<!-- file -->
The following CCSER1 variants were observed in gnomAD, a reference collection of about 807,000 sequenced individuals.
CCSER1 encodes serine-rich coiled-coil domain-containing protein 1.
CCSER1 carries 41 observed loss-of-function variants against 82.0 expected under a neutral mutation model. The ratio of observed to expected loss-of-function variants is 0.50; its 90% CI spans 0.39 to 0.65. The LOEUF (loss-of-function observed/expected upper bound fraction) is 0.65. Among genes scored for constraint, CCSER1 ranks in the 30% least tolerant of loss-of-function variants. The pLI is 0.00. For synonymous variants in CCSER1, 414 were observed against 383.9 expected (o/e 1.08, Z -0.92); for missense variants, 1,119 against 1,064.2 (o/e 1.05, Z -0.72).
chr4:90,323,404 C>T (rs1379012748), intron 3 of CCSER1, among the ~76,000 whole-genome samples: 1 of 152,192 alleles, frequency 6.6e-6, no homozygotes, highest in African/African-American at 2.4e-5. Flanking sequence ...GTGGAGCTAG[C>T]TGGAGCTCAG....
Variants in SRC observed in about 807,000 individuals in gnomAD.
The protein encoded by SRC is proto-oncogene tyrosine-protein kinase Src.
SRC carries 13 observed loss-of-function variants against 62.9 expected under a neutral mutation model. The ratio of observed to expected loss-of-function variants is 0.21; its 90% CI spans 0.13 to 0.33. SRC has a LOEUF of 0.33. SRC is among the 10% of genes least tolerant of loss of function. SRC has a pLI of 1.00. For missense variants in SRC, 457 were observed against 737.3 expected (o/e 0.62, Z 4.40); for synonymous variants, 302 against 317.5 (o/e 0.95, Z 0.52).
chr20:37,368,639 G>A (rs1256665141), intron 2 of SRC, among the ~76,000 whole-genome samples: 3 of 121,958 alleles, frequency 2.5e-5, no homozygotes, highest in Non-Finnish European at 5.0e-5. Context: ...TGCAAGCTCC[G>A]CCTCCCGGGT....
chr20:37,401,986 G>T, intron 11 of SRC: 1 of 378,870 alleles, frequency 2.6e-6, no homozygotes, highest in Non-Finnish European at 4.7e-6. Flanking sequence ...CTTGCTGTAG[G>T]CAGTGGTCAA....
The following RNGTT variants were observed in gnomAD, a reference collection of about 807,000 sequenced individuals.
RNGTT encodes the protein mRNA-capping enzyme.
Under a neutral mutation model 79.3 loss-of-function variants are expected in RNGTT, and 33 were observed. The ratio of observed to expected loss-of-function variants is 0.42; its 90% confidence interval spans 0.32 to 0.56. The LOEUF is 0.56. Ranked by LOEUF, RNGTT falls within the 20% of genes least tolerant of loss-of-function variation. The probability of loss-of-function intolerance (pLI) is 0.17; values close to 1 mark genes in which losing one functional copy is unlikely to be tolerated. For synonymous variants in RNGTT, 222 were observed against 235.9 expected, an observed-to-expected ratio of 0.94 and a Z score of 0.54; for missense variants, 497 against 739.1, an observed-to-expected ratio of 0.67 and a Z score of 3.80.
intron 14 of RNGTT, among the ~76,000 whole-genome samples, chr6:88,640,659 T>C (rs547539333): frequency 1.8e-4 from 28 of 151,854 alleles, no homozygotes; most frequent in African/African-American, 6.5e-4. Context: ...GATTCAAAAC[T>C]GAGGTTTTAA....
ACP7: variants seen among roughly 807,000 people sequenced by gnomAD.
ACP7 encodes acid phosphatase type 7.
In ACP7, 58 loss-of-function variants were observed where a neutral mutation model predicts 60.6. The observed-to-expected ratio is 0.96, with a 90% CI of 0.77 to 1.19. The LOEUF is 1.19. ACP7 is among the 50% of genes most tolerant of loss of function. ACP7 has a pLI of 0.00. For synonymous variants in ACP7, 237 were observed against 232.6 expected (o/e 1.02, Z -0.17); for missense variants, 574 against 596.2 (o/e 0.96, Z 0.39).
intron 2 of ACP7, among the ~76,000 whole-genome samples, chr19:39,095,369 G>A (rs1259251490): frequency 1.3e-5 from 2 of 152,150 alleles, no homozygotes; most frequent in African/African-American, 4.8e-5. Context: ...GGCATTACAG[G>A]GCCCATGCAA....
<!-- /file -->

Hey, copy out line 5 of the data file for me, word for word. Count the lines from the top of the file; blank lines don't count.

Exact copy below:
Variants in SRC observed in about 807,000 individuals in gnomAD.